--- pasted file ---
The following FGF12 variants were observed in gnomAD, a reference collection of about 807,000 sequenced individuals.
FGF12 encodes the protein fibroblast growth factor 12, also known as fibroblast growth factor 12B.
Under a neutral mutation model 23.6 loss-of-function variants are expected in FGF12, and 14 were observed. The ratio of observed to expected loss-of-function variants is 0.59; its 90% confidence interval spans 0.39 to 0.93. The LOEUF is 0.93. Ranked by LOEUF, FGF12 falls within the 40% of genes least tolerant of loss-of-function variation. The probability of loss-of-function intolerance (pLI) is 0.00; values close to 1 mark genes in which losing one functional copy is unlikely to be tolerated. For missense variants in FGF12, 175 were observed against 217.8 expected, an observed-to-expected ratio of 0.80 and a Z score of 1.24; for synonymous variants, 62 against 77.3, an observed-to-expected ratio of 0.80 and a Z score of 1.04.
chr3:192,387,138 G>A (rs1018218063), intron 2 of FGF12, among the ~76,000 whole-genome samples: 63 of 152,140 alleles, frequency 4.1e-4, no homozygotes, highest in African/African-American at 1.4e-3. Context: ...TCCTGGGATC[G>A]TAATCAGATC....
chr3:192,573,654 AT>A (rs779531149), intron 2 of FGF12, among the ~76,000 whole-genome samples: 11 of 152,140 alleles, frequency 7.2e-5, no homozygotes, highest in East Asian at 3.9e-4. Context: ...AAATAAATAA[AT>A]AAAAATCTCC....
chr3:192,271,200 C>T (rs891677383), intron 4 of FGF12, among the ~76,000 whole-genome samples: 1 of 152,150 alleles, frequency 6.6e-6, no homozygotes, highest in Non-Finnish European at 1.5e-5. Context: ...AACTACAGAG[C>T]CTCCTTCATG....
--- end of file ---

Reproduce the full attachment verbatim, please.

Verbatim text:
The following FGF12 variants were observed in gnomAD, a reference collection of about 807,000 sequenced individuals.
FGF12 encodes the protein fibroblast growth factor 12, also known as fibroblast growth factor 12B.
Under a neutral mutation model 23.6 loss-of-function variants are expected in FGF12, and 14 were observed. The ratio of observed to expected loss-of-function variants is 0.59; its 90% confidence interval spans 0.39 to 0.93. The LOEUF is 0.93. Ranked by LOEUF, FGF12 falls within the 40% of genes least tolerant of loss-of-function variation. The probability of loss-of-function intolerance (pLI) is 0.00; values close to 1 mark genes in which losing one functional copy is unlikely to be tolerated. For missense variants in FGF12, 175 were observed against 217.8 expected, an observed-to-expected ratio of 0.80 and a Z score of 1.24; for synonymous variants, 62 against 77.3, an observed-to-expected ratio of 0.80 and a Z score of 1.04.
chr3:192,387,138 G>A (rs1018218063), intron 2 of FGF12, among the ~76,000 whole-genome samples: 63 of 152,140 alleles, frequency 4.1e-4, no homozygotes, highest in African/African-American at 1.4e-3. Context: ...TCCTGGGATC[G>A]TAATCAGATC....
chr3:192,573,654 AT>A (rs779531149), intron 2 of FGF12, among the ~76,000 whole-genome samples: 11 of 152,140 alleles, frequency 7.2e-5, no homozygotes, highest in East Asian at 3.9e-4. Context: ...AAATAAATAA[AT>A]AAAAATCTCC....
chr3:192,271,200 C>T (rs891677383), intron 4 of FGF12, among the ~76,000 whole-genome samples: 1 of 152,150 alleles, frequency 6.6e-6, no homozygotes, highest in Non-Finnish European at 1.5e-5. Context: ...AACTACAGAG[C>T]CTCCTTCATG....